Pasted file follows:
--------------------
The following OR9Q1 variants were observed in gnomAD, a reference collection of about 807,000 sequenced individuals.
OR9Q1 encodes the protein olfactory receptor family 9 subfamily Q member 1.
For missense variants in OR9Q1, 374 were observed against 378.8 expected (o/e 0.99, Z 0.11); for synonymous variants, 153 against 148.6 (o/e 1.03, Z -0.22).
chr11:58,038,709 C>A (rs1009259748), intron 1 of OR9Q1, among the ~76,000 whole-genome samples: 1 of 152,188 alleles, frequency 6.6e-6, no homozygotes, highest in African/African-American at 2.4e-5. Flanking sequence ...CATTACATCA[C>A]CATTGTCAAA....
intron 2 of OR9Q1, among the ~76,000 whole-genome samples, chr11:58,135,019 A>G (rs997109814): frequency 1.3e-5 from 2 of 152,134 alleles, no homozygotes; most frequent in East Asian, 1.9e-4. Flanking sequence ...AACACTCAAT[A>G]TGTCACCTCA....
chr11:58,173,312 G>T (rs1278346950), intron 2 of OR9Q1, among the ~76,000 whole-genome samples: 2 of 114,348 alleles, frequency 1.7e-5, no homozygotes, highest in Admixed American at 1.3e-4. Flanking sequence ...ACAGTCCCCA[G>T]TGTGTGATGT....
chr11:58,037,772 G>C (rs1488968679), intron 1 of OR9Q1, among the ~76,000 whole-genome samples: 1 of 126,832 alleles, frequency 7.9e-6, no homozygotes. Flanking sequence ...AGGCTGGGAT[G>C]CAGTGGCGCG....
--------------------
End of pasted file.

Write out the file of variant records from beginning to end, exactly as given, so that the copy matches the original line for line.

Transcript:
The following OR9Q1 variants were observed in gnomAD, a reference collection of about 807,000 sequenced individuals.
OR9Q1 encodes the protein olfactory receptor family 9 subfamily Q member 1.
For missense variants in OR9Q1, 374 were observed against 378.8 expected (o/e 0.99, Z 0.11); for synonymous variants, 153 against 148.6 (o/e 1.03, Z -0.22).
chr11:58,038,709 C>A (rs1009259748), intron 1 of OR9Q1, among the ~76,000 whole-genome samples: 1 of 152,188 alleles, frequency 6.6e-6, no homozygotes, highest in African/African-American at 2.4e-5. Flanking sequence ...CATTACATCA[C>A]CATTGTCAAA....
intron 2 of OR9Q1, among the ~76,000 whole-genome samples, chr11:58,135,019 A>G (rs997109814): frequency 1.3e-5 from 2 of 152,134 alleles, no homozygotes; most frequent in East Asian, 1.9e-4. Flanking sequence ...AACACTCAAT[A>G]TGTCACCTCA....
chr11:58,173,312 G>T (rs1278346950), intron 2 of OR9Q1, among the ~76,000 whole-genome samples: 2 of 114,348 alleles, frequency 1.7e-5, no homozygotes, highest in Admixed American at 1.3e-4. Flanking sequence ...ACAGTCCCCA[G>T]TGTGTGATGT....
chr11:58,037,772 G>C (rs1488968679), intron 1 of OR9Q1, among the ~76,000 whole-genome samples: 1 of 126,832 alleles, frequency 7.9e-6, no homozygotes. Flanking sequence ...AGGCTGGGAT[G>C]CAGTGGCGCG....